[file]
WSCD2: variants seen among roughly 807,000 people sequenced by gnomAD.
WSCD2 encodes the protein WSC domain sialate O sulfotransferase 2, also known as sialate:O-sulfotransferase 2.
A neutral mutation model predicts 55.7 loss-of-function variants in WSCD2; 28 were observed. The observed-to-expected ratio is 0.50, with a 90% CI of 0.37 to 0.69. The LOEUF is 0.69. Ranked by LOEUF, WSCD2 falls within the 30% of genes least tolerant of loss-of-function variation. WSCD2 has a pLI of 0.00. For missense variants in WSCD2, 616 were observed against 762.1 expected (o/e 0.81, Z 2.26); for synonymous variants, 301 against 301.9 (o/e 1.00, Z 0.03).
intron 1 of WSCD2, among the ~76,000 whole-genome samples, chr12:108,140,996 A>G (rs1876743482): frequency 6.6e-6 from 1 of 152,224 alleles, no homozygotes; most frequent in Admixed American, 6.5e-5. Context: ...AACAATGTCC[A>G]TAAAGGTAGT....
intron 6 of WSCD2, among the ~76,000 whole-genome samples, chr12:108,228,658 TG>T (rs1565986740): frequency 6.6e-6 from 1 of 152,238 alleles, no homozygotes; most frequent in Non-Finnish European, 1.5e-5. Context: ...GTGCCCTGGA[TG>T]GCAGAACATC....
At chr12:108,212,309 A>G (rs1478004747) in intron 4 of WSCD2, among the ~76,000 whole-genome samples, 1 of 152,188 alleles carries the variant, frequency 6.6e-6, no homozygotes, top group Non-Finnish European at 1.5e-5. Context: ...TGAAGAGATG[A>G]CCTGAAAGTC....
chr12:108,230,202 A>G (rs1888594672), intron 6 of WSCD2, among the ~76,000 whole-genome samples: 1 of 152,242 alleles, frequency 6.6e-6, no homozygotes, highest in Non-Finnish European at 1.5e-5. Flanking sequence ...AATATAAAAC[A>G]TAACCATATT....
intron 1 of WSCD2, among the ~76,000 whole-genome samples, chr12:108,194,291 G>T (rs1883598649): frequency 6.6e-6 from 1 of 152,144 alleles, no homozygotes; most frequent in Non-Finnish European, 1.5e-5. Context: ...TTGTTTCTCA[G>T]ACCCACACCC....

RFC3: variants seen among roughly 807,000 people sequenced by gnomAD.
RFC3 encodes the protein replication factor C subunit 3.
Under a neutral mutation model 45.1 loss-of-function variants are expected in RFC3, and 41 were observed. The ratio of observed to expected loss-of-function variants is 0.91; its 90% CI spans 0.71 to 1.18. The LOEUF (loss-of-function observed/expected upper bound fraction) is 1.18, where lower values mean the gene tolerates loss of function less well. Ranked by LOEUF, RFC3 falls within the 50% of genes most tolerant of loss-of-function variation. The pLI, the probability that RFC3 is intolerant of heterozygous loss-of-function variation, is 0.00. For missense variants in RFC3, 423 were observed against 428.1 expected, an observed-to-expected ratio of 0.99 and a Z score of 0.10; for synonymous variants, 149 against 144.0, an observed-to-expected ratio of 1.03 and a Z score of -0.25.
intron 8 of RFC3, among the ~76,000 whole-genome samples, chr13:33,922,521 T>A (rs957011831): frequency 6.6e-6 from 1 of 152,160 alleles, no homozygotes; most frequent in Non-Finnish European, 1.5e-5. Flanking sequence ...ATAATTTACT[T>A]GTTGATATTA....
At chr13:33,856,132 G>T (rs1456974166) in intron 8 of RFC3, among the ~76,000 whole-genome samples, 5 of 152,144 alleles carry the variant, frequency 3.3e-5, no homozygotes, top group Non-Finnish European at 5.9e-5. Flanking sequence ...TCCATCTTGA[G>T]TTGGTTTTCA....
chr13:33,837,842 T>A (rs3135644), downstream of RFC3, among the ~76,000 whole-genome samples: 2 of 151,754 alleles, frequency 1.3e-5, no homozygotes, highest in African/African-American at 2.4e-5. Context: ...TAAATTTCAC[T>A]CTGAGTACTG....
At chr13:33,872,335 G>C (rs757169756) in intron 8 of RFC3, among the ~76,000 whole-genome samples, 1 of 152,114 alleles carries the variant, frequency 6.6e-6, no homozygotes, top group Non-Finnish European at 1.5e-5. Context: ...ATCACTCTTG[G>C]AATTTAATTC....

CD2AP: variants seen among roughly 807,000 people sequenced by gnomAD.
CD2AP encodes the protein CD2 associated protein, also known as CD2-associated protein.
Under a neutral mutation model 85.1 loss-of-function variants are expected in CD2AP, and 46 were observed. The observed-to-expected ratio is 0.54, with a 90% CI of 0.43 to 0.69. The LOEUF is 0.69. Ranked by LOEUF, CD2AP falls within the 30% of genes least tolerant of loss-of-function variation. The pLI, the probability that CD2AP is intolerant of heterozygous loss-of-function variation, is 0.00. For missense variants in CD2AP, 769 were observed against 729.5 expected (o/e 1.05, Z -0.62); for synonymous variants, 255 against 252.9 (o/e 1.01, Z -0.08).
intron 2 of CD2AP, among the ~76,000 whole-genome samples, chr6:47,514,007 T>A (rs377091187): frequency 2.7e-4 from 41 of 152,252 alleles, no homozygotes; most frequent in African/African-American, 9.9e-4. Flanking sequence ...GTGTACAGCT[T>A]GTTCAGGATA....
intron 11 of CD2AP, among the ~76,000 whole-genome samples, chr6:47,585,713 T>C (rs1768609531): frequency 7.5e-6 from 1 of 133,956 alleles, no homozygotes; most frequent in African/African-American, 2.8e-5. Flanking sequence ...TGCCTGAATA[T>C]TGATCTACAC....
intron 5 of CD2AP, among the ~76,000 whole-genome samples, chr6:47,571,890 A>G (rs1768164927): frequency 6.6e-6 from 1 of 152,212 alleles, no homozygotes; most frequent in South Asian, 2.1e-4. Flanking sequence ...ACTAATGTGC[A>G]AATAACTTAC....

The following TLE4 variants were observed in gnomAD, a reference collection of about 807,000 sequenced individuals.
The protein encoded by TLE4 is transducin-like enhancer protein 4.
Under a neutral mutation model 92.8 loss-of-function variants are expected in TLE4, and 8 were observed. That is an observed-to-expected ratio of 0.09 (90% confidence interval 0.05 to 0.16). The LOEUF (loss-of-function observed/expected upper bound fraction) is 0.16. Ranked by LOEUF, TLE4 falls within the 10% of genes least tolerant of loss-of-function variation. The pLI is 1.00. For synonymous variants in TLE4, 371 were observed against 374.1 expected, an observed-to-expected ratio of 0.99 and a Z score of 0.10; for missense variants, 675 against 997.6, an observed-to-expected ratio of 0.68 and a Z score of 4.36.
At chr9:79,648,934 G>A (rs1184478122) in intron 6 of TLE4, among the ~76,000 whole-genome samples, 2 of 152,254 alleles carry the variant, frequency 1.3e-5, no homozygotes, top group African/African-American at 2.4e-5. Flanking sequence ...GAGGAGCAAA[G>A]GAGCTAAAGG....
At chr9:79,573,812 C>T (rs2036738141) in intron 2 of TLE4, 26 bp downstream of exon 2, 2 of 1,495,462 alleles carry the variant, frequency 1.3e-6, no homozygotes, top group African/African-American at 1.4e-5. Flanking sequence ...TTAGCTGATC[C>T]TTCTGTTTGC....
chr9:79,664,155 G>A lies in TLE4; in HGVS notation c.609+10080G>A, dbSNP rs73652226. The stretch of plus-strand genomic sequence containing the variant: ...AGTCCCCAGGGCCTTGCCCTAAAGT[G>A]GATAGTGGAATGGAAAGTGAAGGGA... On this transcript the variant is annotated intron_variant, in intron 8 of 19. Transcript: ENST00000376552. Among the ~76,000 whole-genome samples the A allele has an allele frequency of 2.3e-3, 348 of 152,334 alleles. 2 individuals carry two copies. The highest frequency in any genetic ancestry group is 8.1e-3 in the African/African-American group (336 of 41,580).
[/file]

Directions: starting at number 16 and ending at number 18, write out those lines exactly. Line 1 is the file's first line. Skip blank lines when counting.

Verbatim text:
CD2AP: variants seen among roughly 807,000 people sequenced by gnomAD.
CD2AP encodes the protein CD2 associated protein, also known as CD2-associated protein.
Under a neutral mutation model 85.1 loss-of-function variants are expected in CD2AP, and 46 were observed. The observed-to-expected ratio is 0.54, with a 90% CI of 0.43 to 0.69. The LOEUF is 0.69. Ranked by LOEUF, CD2AP falls within the 30% of genes least tolerant of loss-of-function variation. The pLI, the probability that CD2AP is intolerant of heterozygous loss-of-function variation, is 0.00. For missense variants in CD2AP, 769 were observed against 729.5 expected (o/e 1.05, Z -0.62); for synonymous variants, 255 against 252.9 (o/e 1.01, Z -0.08).